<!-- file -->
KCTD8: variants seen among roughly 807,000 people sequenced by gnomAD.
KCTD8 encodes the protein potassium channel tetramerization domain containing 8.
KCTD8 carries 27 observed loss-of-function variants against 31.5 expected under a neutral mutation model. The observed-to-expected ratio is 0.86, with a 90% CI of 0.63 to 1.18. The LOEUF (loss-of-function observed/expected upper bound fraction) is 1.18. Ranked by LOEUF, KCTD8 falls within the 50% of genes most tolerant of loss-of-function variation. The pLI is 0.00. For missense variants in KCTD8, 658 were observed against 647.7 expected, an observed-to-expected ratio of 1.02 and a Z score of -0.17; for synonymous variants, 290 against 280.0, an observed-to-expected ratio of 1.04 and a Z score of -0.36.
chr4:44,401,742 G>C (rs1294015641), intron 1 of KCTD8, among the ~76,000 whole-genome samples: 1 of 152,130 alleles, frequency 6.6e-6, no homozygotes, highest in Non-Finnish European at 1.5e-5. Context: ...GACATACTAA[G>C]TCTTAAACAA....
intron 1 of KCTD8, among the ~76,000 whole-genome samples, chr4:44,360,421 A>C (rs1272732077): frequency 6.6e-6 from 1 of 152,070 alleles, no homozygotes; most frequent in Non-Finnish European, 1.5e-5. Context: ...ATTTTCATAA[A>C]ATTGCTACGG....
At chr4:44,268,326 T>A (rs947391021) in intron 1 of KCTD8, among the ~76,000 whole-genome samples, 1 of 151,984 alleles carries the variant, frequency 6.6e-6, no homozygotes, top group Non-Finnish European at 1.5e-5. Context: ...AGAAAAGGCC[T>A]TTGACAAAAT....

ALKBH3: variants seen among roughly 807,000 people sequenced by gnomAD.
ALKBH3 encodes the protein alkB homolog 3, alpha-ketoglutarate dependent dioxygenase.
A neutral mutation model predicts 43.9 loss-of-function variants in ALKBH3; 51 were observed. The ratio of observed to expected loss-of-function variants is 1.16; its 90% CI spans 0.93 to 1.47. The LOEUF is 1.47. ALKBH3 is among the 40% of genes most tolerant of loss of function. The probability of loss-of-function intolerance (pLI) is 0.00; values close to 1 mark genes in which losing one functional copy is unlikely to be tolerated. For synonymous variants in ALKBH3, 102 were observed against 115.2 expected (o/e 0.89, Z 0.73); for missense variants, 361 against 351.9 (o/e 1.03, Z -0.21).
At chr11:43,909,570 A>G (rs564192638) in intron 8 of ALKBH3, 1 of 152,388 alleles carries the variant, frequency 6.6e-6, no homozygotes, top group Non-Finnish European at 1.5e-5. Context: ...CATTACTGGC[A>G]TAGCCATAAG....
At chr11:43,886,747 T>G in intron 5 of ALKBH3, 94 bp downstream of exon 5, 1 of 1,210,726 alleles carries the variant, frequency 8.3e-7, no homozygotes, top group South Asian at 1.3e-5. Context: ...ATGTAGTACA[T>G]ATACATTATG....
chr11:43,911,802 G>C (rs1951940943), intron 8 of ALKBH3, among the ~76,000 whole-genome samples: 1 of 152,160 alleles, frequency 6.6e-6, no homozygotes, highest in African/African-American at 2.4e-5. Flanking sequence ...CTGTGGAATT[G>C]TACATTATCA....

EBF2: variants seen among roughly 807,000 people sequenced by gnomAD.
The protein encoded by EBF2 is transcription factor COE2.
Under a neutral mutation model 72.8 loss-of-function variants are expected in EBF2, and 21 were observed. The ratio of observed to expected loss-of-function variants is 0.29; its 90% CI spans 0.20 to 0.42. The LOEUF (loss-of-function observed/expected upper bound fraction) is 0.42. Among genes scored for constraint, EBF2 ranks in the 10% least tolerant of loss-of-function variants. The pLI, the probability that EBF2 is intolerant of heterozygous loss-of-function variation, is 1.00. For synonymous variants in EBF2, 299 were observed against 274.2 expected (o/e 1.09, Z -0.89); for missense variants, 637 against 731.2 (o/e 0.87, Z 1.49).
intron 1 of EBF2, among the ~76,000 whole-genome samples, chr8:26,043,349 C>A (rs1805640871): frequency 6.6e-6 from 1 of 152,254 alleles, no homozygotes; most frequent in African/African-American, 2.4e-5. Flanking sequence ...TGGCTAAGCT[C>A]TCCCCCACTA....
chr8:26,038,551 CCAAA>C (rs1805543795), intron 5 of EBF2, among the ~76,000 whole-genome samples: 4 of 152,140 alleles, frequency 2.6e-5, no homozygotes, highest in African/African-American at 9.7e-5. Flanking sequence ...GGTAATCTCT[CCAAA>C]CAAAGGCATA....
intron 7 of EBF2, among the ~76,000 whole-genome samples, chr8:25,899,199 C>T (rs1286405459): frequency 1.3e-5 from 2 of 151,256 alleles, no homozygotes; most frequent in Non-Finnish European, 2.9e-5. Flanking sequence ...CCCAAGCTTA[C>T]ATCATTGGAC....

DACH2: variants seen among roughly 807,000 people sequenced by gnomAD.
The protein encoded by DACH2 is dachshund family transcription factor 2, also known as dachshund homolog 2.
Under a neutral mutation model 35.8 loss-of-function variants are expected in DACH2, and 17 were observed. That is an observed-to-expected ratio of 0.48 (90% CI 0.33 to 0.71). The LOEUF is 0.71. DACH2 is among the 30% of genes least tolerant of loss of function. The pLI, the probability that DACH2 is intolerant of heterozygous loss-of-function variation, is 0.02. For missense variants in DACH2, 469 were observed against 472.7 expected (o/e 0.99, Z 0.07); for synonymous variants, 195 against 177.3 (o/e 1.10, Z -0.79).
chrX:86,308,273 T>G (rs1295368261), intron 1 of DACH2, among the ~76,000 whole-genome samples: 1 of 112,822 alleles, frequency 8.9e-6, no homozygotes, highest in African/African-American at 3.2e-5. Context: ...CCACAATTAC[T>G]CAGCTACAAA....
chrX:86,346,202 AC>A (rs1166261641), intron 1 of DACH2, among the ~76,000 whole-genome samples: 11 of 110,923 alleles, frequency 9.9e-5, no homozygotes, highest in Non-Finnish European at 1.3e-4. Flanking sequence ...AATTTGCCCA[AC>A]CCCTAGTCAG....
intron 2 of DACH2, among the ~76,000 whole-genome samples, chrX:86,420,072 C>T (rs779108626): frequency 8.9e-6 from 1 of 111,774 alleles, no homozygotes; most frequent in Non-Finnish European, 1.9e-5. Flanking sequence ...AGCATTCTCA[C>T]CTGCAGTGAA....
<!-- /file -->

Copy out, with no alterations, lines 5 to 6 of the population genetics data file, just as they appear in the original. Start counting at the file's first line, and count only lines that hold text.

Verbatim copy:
intron 1 of KCTD8, among the ~76,000 whole-genome samples, chr4:44,360,421 A>C (rs1272732077): frequency 6.6e-6 from 1 of 152,070 alleles, no homozygotes; most frequent in Non-Finnish European, 1.5e-5. Context: ...ATTTTCATAA[A>C]ATTGCTACGG....
At chr4:44,268,326 T>A (rs947391021) in intron 1 of KCTD8, among the ~76,000 whole-genome samples, 1 of 151,984 alleles carries the variant, frequency 6.6e-6, no homozygotes, top group Non-Finnish European at 1.5e-5. Context: ...AGAAAAGGCC[T>A]TTGACAAAAT....